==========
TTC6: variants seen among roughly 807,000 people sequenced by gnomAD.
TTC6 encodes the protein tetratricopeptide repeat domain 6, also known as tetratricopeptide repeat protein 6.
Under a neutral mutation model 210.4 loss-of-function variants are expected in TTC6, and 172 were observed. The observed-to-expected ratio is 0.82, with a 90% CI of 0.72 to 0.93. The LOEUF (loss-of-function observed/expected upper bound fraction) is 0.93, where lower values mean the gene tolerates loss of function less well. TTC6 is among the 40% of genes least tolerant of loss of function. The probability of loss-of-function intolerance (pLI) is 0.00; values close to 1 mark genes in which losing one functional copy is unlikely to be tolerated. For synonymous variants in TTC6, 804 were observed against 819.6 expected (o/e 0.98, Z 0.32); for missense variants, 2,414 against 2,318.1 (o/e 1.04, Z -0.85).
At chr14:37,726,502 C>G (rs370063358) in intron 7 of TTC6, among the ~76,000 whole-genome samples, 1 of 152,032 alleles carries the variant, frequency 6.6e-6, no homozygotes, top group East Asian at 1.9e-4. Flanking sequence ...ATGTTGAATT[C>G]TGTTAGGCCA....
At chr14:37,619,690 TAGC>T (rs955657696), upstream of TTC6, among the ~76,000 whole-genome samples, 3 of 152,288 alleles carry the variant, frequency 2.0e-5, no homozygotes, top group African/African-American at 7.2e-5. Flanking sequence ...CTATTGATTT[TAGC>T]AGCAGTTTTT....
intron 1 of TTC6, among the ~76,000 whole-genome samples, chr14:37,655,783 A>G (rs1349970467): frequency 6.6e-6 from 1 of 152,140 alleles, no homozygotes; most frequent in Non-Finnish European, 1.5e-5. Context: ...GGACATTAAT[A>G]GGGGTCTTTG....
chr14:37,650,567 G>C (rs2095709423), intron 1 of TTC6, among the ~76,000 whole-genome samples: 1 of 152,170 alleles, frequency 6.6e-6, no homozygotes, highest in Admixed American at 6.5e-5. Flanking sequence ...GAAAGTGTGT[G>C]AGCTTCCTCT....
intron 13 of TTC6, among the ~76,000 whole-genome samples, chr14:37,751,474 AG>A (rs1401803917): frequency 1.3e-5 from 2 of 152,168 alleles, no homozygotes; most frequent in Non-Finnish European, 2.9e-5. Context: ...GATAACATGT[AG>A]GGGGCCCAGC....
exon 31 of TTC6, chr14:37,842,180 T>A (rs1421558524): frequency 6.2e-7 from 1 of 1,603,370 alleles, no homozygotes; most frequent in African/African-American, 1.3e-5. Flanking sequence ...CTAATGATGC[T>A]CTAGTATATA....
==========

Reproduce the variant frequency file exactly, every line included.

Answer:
TTC6: variants seen among roughly 807,000 people sequenced by gnomAD.
TTC6 encodes the protein tetratricopeptide repeat domain 6, also known as tetratricopeptide repeat protein 6.
Under a neutral mutation model 210.4 loss-of-function variants are expected in TTC6, and 172 were observed. The observed-to-expected ratio is 0.82, with a 90% CI of 0.72 to 0.93. The LOEUF (loss-of-function observed/expected upper bound fraction) is 0.93, where lower values mean the gene tolerates loss of function less well. TTC6 is among the 40% of genes least tolerant of loss of function. The probability of loss-of-function intolerance (pLI) is 0.00; values close to 1 mark genes in which losing one functional copy is unlikely to be tolerated. For synonymous variants in TTC6, 804 were observed against 819.6 expected (o/e 0.98, Z 0.32); for missense variants, 2,414 against 2,318.1 (o/e 1.04, Z -0.85).
At chr14:37,726,502 C>G (rs370063358) in intron 7 of TTC6, among the ~76,000 whole-genome samples, 1 of 152,032 alleles carries the variant, frequency 6.6e-6, no homozygotes, top group East Asian at 1.9e-4. Flanking sequence ...ATGTTGAATT[C>G]TGTTAGGCCA....
At chr14:37,619,690 TAGC>T (rs955657696), upstream of TTC6, among the ~76,000 whole-genome samples, 3 of 152,288 alleles carry the variant, frequency 2.0e-5, no homozygotes, top group African/African-American at 7.2e-5. Flanking sequence ...CTATTGATTT[TAGC>T]AGCAGTTTTT....
intron 1 of TTC6, among the ~76,000 whole-genome samples, chr14:37,655,783 A>G (rs1349970467): frequency 6.6e-6 from 1 of 152,140 alleles, no homozygotes; most frequent in Non-Finnish European, 1.5e-5. Context: ...GGACATTAAT[A>G]GGGGTCTTTG....
chr14:37,650,567 G>C (rs2095709423), intron 1 of TTC6, among the ~76,000 whole-genome samples: 1 of 152,170 alleles, frequency 6.6e-6, no homozygotes, highest in Admixed American at 6.5e-5. Flanking sequence ...GAAAGTGTGT[G>C]AGCTTCCTCT....
intron 13 of TTC6, among the ~76,000 whole-genome samples, chr14:37,751,474 AG>A (rs1401803917): frequency 1.3e-5 from 2 of 152,168 alleles, no homozygotes; most frequent in Non-Finnish European, 2.9e-5. Context: ...GATAACATGT[AG>A]GGGGCCCAGC....
exon 31 of TTC6, chr14:37,842,180 T>A (rs1421558524): frequency 6.2e-7 from 1 of 1,603,370 alleles, no homozygotes; most frequent in African/African-American, 1.3e-5. Flanking sequence ...CTAATGATGC[T>A]CTAGTATATA....